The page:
State Treasurer: Stop new bonds, debt

Treasurer Wheeler says General Fund debt capacity reduced as a result of recession, urges caution
— Oregon’s strong credit rating has been maintained because of fiscal discipline, Treasurer says

SALEM – The global recession is hurting the state’s General Fund debt capacity, and State Treasurer Ted Wheeler has recommended a temporary halt to future General Fund-backed public borrowing until the financial situation improves. In a special meeting Thursday of the State Debt Policy Advisory Commission, the five-member panel reviewed the latest figures related to General Fund-backed debt and unanimously endorsed the Treasurer’s recommendation.

In addition, the commission also agreed to ask the Department of Administrative Services to reconsider the timing of certain new bond-financed projects that have already been authorized but for which bonds have not yet been sold.

“We have a responsibility to Oregon taxpayers to protect the state’s strong credit rating and to avoid the mistakes of other state governments that have tried to borrow their way out of deficits,” said Wheeler, who is the commission chairman and who oversees the state’s debt issuance activities. “Oregon’s current leaders have a strong record of discipline when it comes to debt.”

Public borrowing is a powerful tool that can create jobs in the short-term while improving infrastructure such as roads and universities for the future. But debt must be used judiciously because it needs to be repaid, with interest.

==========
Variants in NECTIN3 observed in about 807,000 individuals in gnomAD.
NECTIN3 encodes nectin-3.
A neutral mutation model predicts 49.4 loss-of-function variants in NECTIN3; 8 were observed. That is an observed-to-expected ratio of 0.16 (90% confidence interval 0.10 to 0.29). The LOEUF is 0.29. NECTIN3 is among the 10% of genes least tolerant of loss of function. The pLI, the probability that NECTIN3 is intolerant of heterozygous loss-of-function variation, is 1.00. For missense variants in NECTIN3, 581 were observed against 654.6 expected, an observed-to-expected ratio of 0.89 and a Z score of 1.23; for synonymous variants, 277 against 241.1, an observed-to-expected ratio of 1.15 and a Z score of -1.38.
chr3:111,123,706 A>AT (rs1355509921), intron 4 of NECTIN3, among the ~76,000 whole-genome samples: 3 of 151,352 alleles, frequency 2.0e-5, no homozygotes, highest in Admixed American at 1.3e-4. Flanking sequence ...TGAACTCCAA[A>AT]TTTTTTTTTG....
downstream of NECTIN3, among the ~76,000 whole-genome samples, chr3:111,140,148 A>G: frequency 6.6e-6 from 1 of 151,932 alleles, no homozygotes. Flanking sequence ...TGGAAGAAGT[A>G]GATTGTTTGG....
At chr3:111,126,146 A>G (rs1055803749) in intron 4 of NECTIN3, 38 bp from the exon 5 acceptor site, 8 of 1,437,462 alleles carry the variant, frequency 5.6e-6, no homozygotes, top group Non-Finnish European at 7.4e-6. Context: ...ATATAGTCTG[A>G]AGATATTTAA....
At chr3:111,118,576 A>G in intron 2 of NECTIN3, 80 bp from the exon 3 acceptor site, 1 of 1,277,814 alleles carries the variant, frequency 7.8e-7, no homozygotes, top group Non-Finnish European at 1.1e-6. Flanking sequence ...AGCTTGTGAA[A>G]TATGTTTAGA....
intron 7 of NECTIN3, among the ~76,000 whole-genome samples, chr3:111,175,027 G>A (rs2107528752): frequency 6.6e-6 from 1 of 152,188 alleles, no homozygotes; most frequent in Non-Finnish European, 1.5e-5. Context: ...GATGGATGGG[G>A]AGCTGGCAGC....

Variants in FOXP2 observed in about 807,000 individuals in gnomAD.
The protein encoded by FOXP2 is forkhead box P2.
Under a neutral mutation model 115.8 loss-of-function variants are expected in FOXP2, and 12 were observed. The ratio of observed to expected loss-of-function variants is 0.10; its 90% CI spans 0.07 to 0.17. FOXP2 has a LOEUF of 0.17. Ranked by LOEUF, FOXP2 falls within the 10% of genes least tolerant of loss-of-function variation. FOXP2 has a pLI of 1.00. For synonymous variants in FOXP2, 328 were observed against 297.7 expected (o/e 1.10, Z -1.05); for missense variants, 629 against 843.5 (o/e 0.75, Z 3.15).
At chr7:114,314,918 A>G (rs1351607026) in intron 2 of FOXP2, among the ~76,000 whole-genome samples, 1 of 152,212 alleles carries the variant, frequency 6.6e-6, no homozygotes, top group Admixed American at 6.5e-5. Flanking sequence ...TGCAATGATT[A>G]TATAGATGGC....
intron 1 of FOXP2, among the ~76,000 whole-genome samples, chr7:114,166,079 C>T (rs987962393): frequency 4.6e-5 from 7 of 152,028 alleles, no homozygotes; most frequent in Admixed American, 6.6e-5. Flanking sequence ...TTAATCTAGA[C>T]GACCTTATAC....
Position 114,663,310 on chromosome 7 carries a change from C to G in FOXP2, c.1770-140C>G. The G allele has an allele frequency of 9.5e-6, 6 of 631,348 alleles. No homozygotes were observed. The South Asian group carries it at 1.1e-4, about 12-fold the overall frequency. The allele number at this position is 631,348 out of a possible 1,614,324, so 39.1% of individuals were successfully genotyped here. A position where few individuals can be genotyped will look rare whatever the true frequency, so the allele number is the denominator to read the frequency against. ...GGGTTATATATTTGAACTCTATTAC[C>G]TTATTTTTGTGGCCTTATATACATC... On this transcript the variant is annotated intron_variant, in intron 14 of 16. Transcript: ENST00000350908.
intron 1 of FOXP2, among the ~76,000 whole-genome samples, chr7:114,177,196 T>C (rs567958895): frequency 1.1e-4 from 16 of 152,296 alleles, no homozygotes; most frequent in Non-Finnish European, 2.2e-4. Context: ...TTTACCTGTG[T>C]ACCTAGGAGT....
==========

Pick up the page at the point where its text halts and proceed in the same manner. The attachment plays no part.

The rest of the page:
Public debt is traditionally used to pay for projects that have long useful lives. However, in 2003, the Legislature borrowed $431 million to pay for operating expenses – and that loan has not yet been fully repaid. The state is paying roughly $70 million a year through fiscal year 2013 to retire that loan, which means the money is not available for other purposes, such as schools or other vital programs.

To keep Oregon’s General Fund debt payments at a manageable level, the state relies on the State Debt Policy Advisory Commission to recommend a responsible debt capacity. The commission is made up of the Treasurer, two appointed legislators, the director of the Department of Administrative Services, and a citizen at-large.

The state’s credit rating, which helps to determine the interest rates at which Oregon can sell its bonds, now stands at AA/Aa1/AA+ by Standard & Poor’s, Moody’s Investors Service, and Fitch Investors Service, respectively.

Adherence to the General Fund debt capacity limit has helped to reinforce the rating. Oregon’s credit rating determines the interest rates that the state pays for all of its General Obligation bonds and a downgrade would cost Oregonians millions in additional interest costs.

To calculate the recommended capacity, the Commission considers the economic climate and current revenue forecasts, existing debt obligations and also the ability to repay additional bonds.
The panel does not recommend limits on public debt that is backed by a dedicated, non-General Fund source, such as transportation bonds that are repaid with gas taxes or General Obligation bonds for university construction that are repaid with tuition, rent, and other fees for service.

The Oregon State Treasury protects public assets and saves Oregonians money through its investment, banking, and debt management functions. The office also promotes public outreach and education to help Oregonians learn strategies to save money, invest for college and make smart financial choices.


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